30 review for American Carnage: On the Front Lines of the Republican Civil War and the Rise of President Trump

  1. 5 out of 5

    Gary Beauregard Bottomley

    There was absolutely nothing new in this book that a regular reader of the New York Times and reader of political blogs and twitter would not have already known. I stopped this book near the half way point where Trump was winning the Iowa caucus and ‘lying Ted’ was trying to make a comeback and ‘little Rubio’ the ‘freedom caucus’ favorite was self inflicting. For those who raved about this book, I would challenge them to find me one fact that wasn’t generally already known by most political foll There was absolutely nothing new in this book that a regular reader of the New York Times and reader of political blogs and twitter would not have already known. I stopped this book near the half way point where Trump was winning the Iowa caucus and ‘lying Ted’ was trying to make a comeback and ‘little Rubio’ the ‘freedom caucus’ favorite was self inflicting. For those who raved about this book, I would challenge them to find me one fact that wasn’t generally already known by most political followers except some of the self serving spin provided by the people the author had obviously interviewed. The author compounds his familiar story telling by shading it with the narrative from those he interviewed such as Boehner, Cantor, and Ryan. He tells their story by blaming the Democrats such as Obama for not ‘compromising’ with the Republicans and therefore creating a political mess that leads to Trump. What the author tries to unconvincingly show is the Democrats are to blame for creating Trump rather than the Republican noise machine and the Republicans themselves. Trump is a monster. He did not create the hate that’s in the Republican Party. Their hate enabled him. He channels their hate. The one book that everyone should read today is Hitler’s ‘Mein Kampf’. Hitler, the monster, was only saying out loud what the people believed in whispers just as Trump is doing today. The hate was there, Hitler only channeled it. Trump channels it too. Did you see Trumps KKK/Nuremburg rally last night? (That would be, 7/17/2019). Most Republicans saw nothing wrong when Trump tweeted ‘go back to your own country’, and the fascist KKK members in the audience led the chant ‘send her back’. There’s a reason why the New York Times referred to the KKK as America’s Fascist in 1925 and the KKK/fascist label still resonates within bigots who think it’s okay to tell Americans ‘go back to the country you came from’. This author doesn’t get it. Ben Carson Trump’s secretary of something or another said ‘vaccines cause autism’, Trump said ‘climate change is a Chinese hoax’. Those are ignorant statements embraceable only by fools who want to be led into chants of ‘send her back’. Fascism needs feelings as justification over logic or reason. The first lady Melania and Trump led the birther movement embraced by Republicans, a movement that is racist to its core, just as the members in Trump’s KKK/Nuremberg rally are as they shout ‘send her back’. This author tries to separate Trump from the Republican Party and the racist or fascist who attend his rallies of hate. Trump and Republicans are entwined and are one with each other’s hate. The author marginalizes Trumps birtherism, and how Republicans continue to lap up that brand of hate; because that is who they are (watch last night’s KKK/Nuremberg rally if you doubt they hate without just cause). They created Trump and the author acts as if it is Trump that created them and pretends that the Tea Party tri-color hat wearers cared about deficits and spending and weren’t really motivated by a ‘black man in the white house’. I got my credit back on this book. I’ve only done that two other times and I’ve purchased over 1000 books from audible. This author should never have written this book if he had nothing to add to the conversation besides what the average well informed person already knows. The country is led by a racist, makes racist tweets, holds racist rallies and is fully supported by his fellow Republicans. Hate radio emboldens Trump and the Republicans who created him, Fox News supports his alternative facts, and authors like this one add nothing to the conversation that wasn’t already known and minimizes the complicity that the Republicans have in creating a monster who is them because he is one of them.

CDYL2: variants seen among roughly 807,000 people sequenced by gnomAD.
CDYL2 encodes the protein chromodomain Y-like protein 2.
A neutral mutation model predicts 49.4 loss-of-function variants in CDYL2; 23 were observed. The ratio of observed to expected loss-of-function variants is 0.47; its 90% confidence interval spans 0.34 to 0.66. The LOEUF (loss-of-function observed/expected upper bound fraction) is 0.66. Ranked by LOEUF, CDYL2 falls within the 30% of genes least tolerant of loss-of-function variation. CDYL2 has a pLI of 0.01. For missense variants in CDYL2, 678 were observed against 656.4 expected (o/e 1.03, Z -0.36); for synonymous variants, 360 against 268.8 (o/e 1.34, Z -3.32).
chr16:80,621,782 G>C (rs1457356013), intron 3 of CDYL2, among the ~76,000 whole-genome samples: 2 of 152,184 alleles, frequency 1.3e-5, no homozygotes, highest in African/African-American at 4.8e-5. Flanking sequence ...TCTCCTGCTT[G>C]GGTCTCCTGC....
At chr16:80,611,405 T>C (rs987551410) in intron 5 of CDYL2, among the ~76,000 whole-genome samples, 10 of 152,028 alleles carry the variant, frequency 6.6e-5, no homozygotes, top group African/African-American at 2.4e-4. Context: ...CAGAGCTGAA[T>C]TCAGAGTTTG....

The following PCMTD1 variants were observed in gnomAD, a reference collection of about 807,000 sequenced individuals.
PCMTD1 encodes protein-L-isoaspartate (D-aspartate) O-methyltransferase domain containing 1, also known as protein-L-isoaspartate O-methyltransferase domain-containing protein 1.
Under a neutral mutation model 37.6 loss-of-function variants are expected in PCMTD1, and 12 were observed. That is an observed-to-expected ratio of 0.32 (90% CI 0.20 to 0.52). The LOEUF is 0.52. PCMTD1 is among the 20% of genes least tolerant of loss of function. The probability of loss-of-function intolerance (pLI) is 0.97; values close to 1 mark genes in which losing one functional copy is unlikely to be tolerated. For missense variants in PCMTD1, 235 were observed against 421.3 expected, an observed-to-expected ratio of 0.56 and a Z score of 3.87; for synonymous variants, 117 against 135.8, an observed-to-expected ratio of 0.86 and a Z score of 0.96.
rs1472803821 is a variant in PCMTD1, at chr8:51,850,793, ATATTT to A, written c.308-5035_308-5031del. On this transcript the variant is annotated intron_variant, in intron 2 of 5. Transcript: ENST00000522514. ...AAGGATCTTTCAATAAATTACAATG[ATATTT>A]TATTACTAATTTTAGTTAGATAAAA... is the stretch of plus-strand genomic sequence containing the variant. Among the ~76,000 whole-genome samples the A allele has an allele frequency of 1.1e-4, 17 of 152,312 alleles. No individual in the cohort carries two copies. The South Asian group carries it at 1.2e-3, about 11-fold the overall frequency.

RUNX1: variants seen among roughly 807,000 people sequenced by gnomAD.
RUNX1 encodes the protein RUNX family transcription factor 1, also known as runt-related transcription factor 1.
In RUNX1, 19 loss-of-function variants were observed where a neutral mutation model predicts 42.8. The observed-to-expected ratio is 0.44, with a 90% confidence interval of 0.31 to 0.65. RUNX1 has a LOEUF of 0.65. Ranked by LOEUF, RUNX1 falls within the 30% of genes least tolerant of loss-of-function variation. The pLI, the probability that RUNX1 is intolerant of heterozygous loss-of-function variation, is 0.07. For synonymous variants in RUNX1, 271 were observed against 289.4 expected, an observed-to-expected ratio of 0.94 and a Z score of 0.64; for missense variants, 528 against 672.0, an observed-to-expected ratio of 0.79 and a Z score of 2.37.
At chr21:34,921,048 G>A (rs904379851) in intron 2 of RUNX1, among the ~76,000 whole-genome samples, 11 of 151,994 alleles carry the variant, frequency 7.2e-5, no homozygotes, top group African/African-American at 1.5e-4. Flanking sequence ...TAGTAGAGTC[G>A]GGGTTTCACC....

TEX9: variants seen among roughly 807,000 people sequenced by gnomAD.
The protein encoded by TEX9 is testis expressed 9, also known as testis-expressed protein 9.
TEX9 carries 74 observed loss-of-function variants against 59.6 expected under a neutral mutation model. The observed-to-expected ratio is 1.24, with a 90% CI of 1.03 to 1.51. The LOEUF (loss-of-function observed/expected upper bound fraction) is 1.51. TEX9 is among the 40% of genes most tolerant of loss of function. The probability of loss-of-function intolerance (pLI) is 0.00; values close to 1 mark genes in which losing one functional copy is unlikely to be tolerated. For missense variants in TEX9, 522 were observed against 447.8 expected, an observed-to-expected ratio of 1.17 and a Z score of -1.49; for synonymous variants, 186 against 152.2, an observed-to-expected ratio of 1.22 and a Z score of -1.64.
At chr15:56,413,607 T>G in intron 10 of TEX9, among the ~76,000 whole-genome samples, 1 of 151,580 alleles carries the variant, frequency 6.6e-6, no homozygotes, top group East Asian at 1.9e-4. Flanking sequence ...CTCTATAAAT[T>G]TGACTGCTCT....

2. 4 out of 5

    Jill Meyer

    The latest entry in books looking at Donald Trump and his presidency is "American Carnage", by Politico author Tim Alberta. He takes a slightly different tack than many books about Trump in that he examines Trump's place in the Republican Party. In fact, the book is as much an examination of the party of Trump as it is about Donald Trump, himself. The book is described as "rollicking" but I truly don't think the last two years of the Donald Trump presidency can be described with any humor. Tim A The latest entry in books looking at Donald Trump and his presidency is "American Carnage", by Politico author Tim Alberta. He takes a slightly different tack than many books about Trump in that he examines Trump's place in the Republican Party. In fact, the book is as much an examination of the party of Trump as it is about Donald Trump, himself. The book is described as "rollicking" but I truly don't think the last two years of the Donald Trump presidency can be described with any humor. Tim Alberta is a good writer and he gives some new info about Trump and his party. Various administration members give some good "dish", as do non-administration Republicans. I don't buy every book about Donald Trump, but this one has been interesting reading. If you're a Trump afficianado, you probably won't like the book. If you don't like Trump, you'll like this book.